2 Not all writing is the same
Very little ‘grown-up’ writing bears any resemblance to what we learned at school – and what we did pick up at school and university may not provide adequate grounding for addressing today’s plethora of media channels.
As a business person, unless you are unusually talented with the written word, the chances are that you will struggle to write effectively for all the media now available to promote your business.
Professional writers, on the other hand, draw on their multi-channel experience to produce copy in a variety of styles. For example, they will package your basic message in news releases, feature articles, blogs, case studies, web content, brochures, speeches, presentations and more – even Tweets.
3 Presenting a balanced, objective view
Many professional writers trained as journalists, and were taught the importance of reflecting both sides of a story in their copy. They would also have learned how to pitch their writing at a level appropriate to the mythical ‘average reader’.
People who write without this background tend to write for themselves, highlighting the facts they want to hear in language that sounds impressive to them. This often results in stodgy, self-congratulatory verbiage that does little to convey the real message.
The professional will ask lots of questions to get to the core of the subject – and then write about it objectively, in a clear, concise fashion, to ensure the message gets across, loud and clear!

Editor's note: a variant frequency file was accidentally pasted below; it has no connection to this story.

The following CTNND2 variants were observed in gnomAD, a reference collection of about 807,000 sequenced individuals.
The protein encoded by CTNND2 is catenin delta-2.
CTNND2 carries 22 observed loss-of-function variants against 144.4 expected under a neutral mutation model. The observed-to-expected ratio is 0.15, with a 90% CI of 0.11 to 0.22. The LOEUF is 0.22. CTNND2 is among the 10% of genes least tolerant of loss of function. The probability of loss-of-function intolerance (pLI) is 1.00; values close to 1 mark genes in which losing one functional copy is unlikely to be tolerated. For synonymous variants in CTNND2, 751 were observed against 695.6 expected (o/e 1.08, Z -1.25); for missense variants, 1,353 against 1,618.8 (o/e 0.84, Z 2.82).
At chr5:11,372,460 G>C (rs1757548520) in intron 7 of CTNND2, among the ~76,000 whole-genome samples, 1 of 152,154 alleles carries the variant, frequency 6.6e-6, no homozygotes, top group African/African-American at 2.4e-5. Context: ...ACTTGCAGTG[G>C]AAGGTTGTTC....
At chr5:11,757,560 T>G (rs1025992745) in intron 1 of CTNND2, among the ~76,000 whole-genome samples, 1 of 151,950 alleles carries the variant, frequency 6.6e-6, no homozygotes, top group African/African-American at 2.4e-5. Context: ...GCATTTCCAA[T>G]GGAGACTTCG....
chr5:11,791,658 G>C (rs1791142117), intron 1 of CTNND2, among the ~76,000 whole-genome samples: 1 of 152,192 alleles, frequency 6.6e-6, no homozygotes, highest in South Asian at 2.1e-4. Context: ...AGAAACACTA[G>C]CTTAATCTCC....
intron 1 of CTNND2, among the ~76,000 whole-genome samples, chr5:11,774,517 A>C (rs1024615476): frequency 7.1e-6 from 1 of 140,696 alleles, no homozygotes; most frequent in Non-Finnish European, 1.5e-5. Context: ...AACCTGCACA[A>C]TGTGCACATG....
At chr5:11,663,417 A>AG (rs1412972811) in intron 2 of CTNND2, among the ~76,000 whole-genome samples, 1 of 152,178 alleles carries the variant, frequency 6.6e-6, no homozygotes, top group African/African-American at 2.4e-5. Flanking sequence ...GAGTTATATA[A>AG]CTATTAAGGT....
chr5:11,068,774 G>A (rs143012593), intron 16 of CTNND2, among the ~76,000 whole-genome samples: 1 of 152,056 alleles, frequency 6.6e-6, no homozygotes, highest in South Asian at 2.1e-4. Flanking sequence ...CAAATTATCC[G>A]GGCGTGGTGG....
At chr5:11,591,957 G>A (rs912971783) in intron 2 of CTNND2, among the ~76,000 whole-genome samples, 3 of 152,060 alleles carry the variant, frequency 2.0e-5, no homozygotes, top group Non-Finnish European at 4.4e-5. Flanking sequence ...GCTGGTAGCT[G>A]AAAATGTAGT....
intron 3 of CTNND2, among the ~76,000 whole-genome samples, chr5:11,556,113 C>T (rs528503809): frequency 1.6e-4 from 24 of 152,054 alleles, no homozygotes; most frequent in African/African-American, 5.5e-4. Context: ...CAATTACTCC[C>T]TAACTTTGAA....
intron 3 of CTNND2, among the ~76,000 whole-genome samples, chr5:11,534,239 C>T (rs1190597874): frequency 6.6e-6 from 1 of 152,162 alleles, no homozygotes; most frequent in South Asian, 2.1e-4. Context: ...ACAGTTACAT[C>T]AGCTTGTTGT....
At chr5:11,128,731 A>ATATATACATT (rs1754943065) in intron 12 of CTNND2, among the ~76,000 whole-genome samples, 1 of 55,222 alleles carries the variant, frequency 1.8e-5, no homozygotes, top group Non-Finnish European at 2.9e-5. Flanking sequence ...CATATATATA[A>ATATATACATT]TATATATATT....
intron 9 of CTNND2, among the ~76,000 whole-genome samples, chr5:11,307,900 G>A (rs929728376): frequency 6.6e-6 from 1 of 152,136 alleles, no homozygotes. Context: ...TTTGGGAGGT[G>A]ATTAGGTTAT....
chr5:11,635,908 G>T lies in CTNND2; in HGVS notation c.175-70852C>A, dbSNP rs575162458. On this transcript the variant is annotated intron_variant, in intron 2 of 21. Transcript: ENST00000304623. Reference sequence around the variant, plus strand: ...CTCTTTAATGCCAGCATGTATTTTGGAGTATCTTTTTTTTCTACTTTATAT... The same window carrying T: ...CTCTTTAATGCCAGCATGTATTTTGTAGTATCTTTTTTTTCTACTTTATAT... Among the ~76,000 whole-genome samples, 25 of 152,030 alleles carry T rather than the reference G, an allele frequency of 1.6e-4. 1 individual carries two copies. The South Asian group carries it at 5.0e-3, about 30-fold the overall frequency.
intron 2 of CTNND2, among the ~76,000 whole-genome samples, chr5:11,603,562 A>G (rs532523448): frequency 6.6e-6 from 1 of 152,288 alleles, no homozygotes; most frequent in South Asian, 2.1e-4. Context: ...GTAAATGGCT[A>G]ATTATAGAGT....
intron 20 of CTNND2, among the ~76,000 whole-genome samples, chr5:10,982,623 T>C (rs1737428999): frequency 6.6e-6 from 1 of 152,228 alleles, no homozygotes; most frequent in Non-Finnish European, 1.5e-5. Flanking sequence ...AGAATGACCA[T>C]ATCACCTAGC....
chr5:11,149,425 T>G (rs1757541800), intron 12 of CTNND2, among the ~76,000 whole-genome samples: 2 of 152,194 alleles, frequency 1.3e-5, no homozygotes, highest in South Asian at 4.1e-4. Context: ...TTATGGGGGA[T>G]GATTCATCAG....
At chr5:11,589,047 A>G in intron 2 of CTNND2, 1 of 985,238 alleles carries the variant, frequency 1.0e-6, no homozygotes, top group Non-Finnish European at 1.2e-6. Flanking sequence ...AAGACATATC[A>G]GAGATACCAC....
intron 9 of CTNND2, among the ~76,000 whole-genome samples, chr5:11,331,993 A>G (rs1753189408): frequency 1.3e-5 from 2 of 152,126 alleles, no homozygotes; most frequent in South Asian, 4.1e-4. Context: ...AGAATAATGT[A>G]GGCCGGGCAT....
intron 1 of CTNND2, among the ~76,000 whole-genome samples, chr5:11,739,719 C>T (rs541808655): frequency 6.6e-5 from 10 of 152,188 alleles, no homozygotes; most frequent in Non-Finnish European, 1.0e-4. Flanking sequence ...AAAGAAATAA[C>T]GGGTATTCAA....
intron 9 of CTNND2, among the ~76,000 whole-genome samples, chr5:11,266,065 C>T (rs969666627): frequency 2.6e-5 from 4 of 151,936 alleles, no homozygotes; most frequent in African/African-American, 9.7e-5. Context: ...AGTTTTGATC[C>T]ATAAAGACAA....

4 Knowing what to say
Business people often find themselves approached for comment on issues relevant to their business. Some are blessed with the eloquence to dash off a quick sound bite that adequately puts their point and demonstrates their thought leadership on the particular subject: others are less able.
A professional writer is quickly able to get a good understanding of the client’s views and ability to comment on key issues. This enables the writer to develop suggested words for the client to approve – and if the job’s done properly, there won’t be many amendments.
Equally, the professional who becomes deeply involved in the client company’s products, people and ethos is able to write authoritative, image-building articles with a minimal brief on the requirements.
5 Good grammar and spelling enhance your reputation
What you say is very important – of course. How you say it is also vital, because the delivery impacts the effectiveness of your communication – as well as the listener or reader’s perception of you and your company.
Professional writers sometimes make mistakes (we’re only human, after all), but generally we can be relied on to spell well, use words correctly and to be masters of grammar and punctuation.
In these times of predictive text and gr8 messaging shorthand (lol), it may seem pedantic to show concern about spelling and grammar. But there’s good reason to believe that a company’s image suffers significantly as a result of poor attention to detail in this regard.
Consider: if you were choosing between two ‘professionals’ and one had a mistake-riddled website – all other things being equal, who would you choose?
So, if you are really serious about your widget business and promoting it through quality communication, brief a professional writer today.
David Goddin was born in the UK and educated in South Africa. He began his career on daily newspapers and trade journals, before moving into public relations consulting. He produced award-winning writing and became an Accredited PR Practitioner, the highest qualification of the Public Relations Institute of South Africa. Since his return to the UK 16 years ago he has also contributed to a number of highly successful PR and marketing communications campaigns for major national and multinational clients. He is currently also President of the Haslemere & District Chamber of Trade & Commerce.